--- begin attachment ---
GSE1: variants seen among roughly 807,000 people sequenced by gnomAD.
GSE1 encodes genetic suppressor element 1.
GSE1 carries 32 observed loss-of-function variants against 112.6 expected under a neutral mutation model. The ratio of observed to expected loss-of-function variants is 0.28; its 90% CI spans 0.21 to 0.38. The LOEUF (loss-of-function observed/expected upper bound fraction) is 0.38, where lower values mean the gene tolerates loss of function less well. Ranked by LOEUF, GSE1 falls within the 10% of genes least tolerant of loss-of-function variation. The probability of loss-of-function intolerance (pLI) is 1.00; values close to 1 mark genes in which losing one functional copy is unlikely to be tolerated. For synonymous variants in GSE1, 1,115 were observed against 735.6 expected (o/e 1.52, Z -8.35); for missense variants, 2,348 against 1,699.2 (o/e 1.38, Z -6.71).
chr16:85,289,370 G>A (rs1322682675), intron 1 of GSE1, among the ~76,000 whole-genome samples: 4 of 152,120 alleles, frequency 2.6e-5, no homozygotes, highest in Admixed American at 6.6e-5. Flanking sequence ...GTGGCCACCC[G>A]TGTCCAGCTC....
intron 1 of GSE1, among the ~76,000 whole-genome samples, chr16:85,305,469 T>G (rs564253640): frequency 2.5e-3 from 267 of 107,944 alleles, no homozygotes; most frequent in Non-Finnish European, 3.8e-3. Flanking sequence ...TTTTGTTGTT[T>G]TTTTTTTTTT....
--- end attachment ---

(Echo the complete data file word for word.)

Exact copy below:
GSE1: variants seen among roughly 807,000 people sequenced by gnomAD.
GSE1 encodes genetic suppressor element 1.
GSE1 carries 32 observed loss-of-function variants against 112.6 expected under a neutral mutation model. The ratio of observed to expected loss-of-function variants is 0.28; its 90% CI spans 0.21 to 0.38. The LOEUF (loss-of-function observed/expected upper bound fraction) is 0.38, where lower values mean the gene tolerates loss of function less well. Ranked by LOEUF, GSE1 falls within the 10% of genes least tolerant of loss-of-function variation. The probability of loss-of-function intolerance (pLI) is 1.00; values close to 1 mark genes in which losing one functional copy is unlikely to be tolerated. For synonymous variants in GSE1, 1,115 were observed against 735.6 expected (o/e 1.52, Z -8.35); for missense variants, 2,348 against 1,699.2 (o/e 1.38, Z -6.71).
chr16:85,289,370 G>A (rs1322682675), intron 1 of GSE1, among the ~76,000 whole-genome samples: 4 of 152,120 alleles, frequency 2.6e-5, no homozygotes, highest in Admixed American at 6.6e-5. Flanking sequence ...GTGGCCACCC[G>A]TGTCCAGCTC....
intron 1 of GSE1, among the ~76,000 whole-genome samples, chr16:85,305,469 T>G (rs564253640): frequency 2.5e-3 from 267 of 107,944 alleles, no homozygotes; most frequent in Non-Finnish European, 3.8e-3. Flanking sequence ...TTTTGTTGTT[T>G]TTTTTTTTTT....